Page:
I have seen many things I didn't think possible here... people getting around on trip-highs, a use for those crappy department-store suspension bikes, the legendary Unridden, Tennessee Stud, recumbent tallbikes and trip-high recumbents, the Meatwagon grill bike, and of course the Tallest Bike and the mini-Tallest Bike. The Tallest Bike in the World makes a great bike rack, because it isn't going anywhere. It never need be locked up. I've been using it, as I am staying at the new Bike Club house. The folks here are feeling a bit disconnected after Imminent Domain took the junkyard where Per lived, which is also why there was chopping going on out back of the Weinery when Matt the Rat and I showed up.

Sidecar bikes are everywhere. Tallbikes don't draw a second glance. There are so many things that aren't done, too, like I haven't seen one funnybike. Not too many people ride choppers, build commuter bikes other than tallbikes, or use trailers (what with all the sidecars).

Wednesday, May 07, 2003

"Aging hippies... a blessing and a curse," Celery said. Boy, they really came out of the woodwork for this one. It was nice, honestly, to see that they hadn't all sold out or become embittered. The May Day Parade was a showcase of hippie values, with barefoot marchers, flowers, birds, and peace and love all around.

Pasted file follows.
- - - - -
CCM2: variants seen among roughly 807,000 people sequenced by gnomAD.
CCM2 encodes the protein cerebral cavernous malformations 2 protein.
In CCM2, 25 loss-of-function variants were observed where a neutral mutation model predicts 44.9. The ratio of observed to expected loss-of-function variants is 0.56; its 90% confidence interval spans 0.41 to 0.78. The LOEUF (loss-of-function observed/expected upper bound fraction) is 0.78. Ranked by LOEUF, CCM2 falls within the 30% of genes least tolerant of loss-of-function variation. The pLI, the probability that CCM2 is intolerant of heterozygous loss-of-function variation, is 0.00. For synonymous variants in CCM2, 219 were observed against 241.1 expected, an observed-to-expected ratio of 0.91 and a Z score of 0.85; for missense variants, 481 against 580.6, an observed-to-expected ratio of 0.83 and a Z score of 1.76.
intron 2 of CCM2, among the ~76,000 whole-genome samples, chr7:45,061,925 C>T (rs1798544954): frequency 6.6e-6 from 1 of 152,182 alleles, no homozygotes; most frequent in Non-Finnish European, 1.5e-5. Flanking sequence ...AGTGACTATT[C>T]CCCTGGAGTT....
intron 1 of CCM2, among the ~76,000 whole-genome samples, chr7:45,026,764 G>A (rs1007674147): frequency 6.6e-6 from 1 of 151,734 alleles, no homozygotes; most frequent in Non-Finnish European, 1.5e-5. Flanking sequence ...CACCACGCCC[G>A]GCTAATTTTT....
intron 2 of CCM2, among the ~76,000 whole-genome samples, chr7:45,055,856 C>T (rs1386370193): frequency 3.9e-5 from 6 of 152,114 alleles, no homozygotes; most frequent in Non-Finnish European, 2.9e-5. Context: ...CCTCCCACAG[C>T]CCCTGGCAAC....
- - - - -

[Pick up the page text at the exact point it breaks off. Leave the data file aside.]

The floats were giant and whimsical, appealing to adults and children alike. There was a giant metal pig that ate little children and pooped out missles. There was a rolling forest, a Family Tree, and at the conclusion the Sun rowed across a lake. The only part of it that wasn't perfect was their weird designation of the free speech section.

I guess they were trying to solve the problem of who could be in the parade by opening it up to everyone but setting them aside. It was just odd that they had a huge banner that said, "END OF PARADE," and then another that said, "FREE SPEECH SECTION". Not that there were any views in the section that the hippies would have neccessarily objected to. There were water-birth advocates, born at homers, community radio, anti-deportation advocates, witches, pagans, and heathens, gender blurrers and aztec dancers.

Then came the Scallywags, mostly on tallbikes. But they had one bike that just blew the crowd away. It was a small BMX bike with two front brakes. Running from the rear axle up over the rider and to the head tube was a circular bar with rubber treads, making the whole bike a wheel. The rider would speed up, slam on the brakes, and FLIP! He'd land on his wheels, keep on riding and the crowd would go absolutely nuts.

It was by far the main attraction of the day. The kiddies screaming, "Do it again! Do it again!" The sound of two hundred people sucking in their breath as he sped up. Then the click-BAM! of his flip and screaming, screaming and cheering as he circled back by the crowd to smack some high fives with the kiddies. Even though I'd seen the bike work back at the house, I found myself screaming like a teenage Beatles fan. As an encore he would usually do two flips in a row.